The Diplomatic Correspondence of the American Revolution: Being the Letters of Benjamin Franklin, Silas Deane, John Adams, John Jay, Arthur Lee, William Lee, Ralph Izard, Francis Dana, William Carmichael, Henry Laurens, John Laurens, M. Dumas, and Others, Concerning the Foreign Relations of the United States During the Whole Revolution; Together with the Letters in Reply from the Secret Committee of Congress, and the Secretary of Foreign Affairs. Also, the Entire Correspondence of the French Ministers, Gerard and Luzerne, with Congress, Volume 5
J.C. Rives, 1857
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able accepted Adams advantage affairs agreed Ambassador America Amsterdam answer appear army arrival assured bills Britain British CARMICHAEL cause commerce Commissioners Committee communicate conduct confidence Congress consequence considerable continue copy correspondence Count Court demand desire despatches DUMAS effect enemy engaged England English Europe Excellency expected favor FOREIGN France Franklin French friends gentlemen give given Hague hands High Mightinesses Holland honor hope immediately important instructions interest JOHN King late leave letter liberty Lord Majesty March means measures memorial mentioned Minister month necessary negociation object obliged obtain occasion officers opinion opportunity Paris peace person present probably promised proposed Provinces reason received Republic resolution respect sent ships situation soon Spain success taken thing thousand treaty United vessels whole wish write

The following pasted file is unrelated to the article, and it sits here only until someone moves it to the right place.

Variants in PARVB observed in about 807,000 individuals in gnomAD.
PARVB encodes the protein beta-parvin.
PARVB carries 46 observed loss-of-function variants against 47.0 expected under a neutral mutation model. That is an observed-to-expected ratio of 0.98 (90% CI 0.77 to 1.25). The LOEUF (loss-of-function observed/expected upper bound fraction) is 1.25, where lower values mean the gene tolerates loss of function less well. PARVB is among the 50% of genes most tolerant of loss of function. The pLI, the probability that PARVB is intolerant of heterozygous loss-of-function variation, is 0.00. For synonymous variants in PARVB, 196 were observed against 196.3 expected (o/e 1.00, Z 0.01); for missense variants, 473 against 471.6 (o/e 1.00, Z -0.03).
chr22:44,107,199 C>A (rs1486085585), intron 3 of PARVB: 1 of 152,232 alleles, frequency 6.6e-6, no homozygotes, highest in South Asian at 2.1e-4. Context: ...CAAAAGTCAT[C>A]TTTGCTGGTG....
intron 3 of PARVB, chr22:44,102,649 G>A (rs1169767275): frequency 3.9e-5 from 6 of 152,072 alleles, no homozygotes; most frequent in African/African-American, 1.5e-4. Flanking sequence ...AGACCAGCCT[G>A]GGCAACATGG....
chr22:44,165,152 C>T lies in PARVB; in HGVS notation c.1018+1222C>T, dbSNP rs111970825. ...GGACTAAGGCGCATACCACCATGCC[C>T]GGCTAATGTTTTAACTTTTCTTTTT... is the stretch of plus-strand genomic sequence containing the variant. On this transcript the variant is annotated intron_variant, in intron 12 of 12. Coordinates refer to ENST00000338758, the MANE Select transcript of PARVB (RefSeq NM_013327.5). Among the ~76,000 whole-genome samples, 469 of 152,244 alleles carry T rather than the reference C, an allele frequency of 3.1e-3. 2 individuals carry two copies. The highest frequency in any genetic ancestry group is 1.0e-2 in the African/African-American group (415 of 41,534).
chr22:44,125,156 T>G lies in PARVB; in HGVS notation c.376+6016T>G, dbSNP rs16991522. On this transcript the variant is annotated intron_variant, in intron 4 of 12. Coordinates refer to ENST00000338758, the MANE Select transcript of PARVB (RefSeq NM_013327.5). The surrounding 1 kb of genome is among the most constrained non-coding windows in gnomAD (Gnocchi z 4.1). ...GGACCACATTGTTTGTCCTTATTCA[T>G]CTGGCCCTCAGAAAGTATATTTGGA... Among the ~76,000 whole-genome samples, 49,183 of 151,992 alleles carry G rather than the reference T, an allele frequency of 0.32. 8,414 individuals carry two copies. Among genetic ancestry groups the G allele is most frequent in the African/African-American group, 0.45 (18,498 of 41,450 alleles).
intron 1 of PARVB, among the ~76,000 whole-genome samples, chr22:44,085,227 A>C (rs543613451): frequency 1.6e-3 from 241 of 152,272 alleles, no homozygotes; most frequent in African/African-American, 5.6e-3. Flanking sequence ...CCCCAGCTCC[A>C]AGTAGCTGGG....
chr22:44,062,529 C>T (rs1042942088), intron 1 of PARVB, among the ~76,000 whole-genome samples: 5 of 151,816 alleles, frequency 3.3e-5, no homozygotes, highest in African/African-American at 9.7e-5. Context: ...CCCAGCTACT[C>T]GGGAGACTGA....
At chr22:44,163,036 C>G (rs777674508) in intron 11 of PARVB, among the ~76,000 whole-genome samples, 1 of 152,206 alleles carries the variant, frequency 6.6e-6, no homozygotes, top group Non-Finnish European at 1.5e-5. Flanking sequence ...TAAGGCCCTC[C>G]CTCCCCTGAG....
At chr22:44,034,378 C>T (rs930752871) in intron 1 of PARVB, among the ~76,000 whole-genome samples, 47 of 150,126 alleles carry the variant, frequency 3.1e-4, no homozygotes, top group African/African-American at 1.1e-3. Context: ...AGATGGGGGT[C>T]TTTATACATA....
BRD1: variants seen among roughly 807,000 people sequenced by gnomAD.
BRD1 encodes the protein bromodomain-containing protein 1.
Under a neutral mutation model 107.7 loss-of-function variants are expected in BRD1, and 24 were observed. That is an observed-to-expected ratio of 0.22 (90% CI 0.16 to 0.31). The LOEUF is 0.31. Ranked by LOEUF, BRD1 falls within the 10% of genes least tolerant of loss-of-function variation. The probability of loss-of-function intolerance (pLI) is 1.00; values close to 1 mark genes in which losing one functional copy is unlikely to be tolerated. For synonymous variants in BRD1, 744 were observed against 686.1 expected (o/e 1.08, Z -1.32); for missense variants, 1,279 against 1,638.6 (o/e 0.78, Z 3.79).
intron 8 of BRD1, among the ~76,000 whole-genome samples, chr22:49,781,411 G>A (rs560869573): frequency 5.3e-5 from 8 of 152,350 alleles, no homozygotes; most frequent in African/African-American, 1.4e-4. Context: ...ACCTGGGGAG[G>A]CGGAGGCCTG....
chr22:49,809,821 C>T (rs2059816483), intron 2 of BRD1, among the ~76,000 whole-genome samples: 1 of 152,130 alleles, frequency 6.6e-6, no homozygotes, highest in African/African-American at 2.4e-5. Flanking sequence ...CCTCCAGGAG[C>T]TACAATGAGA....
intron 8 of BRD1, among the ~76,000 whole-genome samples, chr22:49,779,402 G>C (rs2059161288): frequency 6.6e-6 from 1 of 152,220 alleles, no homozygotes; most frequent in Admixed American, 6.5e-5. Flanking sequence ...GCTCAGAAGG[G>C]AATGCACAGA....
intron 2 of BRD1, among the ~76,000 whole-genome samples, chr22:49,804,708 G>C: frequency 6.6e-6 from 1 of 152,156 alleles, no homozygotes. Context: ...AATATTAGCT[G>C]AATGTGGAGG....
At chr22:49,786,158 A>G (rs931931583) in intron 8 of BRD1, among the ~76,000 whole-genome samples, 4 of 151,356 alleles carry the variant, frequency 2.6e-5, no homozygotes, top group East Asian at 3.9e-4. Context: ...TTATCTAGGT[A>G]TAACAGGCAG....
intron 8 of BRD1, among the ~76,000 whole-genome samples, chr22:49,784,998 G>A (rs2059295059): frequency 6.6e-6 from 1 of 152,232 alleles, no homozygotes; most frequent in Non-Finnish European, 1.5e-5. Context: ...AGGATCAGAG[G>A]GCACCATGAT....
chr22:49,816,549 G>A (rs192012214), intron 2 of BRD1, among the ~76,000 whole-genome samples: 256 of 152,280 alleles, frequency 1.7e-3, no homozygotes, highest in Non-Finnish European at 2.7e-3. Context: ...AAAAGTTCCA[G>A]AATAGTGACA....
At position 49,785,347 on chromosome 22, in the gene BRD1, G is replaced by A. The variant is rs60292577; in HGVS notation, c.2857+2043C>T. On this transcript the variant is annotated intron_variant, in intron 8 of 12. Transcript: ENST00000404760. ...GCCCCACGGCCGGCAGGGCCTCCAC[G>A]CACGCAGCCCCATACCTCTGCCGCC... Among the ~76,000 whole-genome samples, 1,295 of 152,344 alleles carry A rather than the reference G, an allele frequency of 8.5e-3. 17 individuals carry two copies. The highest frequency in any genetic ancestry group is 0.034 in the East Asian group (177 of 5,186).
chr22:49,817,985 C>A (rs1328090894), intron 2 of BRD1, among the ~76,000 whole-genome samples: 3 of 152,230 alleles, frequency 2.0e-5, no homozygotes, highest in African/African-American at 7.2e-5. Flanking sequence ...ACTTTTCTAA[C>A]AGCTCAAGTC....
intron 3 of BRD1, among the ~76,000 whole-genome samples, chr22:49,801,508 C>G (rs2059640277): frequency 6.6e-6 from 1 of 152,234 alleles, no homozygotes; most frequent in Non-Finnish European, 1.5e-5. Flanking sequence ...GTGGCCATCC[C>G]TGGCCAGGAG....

Halaman 459 - St. Croix river to the highlands, along the said highlands which divide those rivers that empty themselves into the river St. Lawrence from those which fall into the Atlantic ocean...
Halaman 466 - East, by a line to be drawn along the middle of the river St. Croix, from its mouth in the Bay of Fundy to its source, and from its source directly north to the aforesaid Highlands, which divide the rivers that fall into the Atlantic Ocean from those which fall into the river St. Lawrence...
Halaman 462 - American artillery that may be therein ; and shall also order and cause all archives, records, deeds and papers, belonging to any of the said states or their citizens, which in the course of the war may have fallen into the hands of his officers, to be forthwith restored and delivered to the proper states and persons to whom they belong.
Halaman 454 - His Britannic Majesty acknowledges the said United States, viz. New Hampshire, Massachusetts Bay, Rhode Island, and Providence Plantations, Connecticut, New York, New Jersey, Pennsylvania, Delaware, Maryland, Virginia, North Carolina, South Carolina, and Georgia, to be free, sovereign and independent States...
Halaman 460 - Woods; thence through the said lake to the most northwestern point thereof, and from thence on a due west course to the river Mississippi; thence by a line to be drawn along the middle of the said river Mississippi until it shall intersect the northernmost part of the thirty-first degree of north latitude.
Halaman 466 - It is agreed that the people of the United States shall continue to enjoy unmolested the right to take fish of evenkind on the Grand Bank and on all the other banks of Newfoundland ; also in the Gulf of St. Lawrence, and at all other places in the sea where the inhabitants of both countries used at any time heretofore to fish.
Halaman 466 - Labrador, so long as the same shall remain unsettled ; but so soon as the same or either of them shall be settled, it shall not be lawful for the said fishermen to dry or cure fish at such...
Halaman 467 - ... perfectly consistent, not only with justice and equity, but with that spirit of conciliation which, on the return of the blessings of peace, should universally prevail.
Halaman 743 - The two contracting parties have granted to each other the liberty of having, each in the ports of the other, Consuls, ViceConsuls, Agents and Commissaries of their own appointment, who shall enjoy the same privileges and powers as those of the most favored nations.